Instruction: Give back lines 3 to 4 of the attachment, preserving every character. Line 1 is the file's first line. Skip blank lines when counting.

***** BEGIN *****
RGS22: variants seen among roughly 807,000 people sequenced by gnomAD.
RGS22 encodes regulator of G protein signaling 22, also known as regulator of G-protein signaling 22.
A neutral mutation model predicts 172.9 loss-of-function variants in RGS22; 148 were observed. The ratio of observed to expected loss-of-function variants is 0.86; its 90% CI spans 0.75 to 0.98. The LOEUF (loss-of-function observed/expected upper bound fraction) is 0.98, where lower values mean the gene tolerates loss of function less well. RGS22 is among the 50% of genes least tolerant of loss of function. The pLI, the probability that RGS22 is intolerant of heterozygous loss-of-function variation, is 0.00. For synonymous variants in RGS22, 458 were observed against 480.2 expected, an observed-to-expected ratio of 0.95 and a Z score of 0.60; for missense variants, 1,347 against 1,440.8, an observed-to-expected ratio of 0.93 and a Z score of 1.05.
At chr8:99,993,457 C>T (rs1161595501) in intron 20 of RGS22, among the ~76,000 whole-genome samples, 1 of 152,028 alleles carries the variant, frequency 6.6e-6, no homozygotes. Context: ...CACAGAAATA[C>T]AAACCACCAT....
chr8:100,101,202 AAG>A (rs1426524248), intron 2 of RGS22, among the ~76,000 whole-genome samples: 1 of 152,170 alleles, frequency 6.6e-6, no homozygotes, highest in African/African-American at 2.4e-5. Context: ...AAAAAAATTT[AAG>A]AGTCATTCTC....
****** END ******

A neutral mutation model predicts 172.9 loss-of-function variants in RGS22; 148 were observed. The ratio of observed to expected loss-of-function variants is 0.86; its 90% CI spans 0.75 to 0.98. The LOEUF (loss-of-function observed/expected upper bound fraction) is 0.98, where lower values mean the gene tolerates loss of function less well. RGS22 is among the 50% of genes least tolerant of loss of function. The pLI, the probability that RGS22 is intolerant of heterozygous loss-of-function variation, is 0.00. For synonymous variants in RGS22, 458 were observed against 480.2 expected, an observed-to-expected ratio of 0.95 and a Z score of 0.60; for missense variants, 1,347 against 1,440.8, an observed-to-expected ratio of 0.93 and a Z score of 1.05.
At chr8:99,993,457 C>T (rs1161595501) in intron 20 of RGS22, among the ~76,000 whole-genome samples, 1 of 152,028 alleles carries the variant, frequency 6.6e-6, no homozygotes. Context: ...CACAGAAATA[C>T]AAACCACCAT....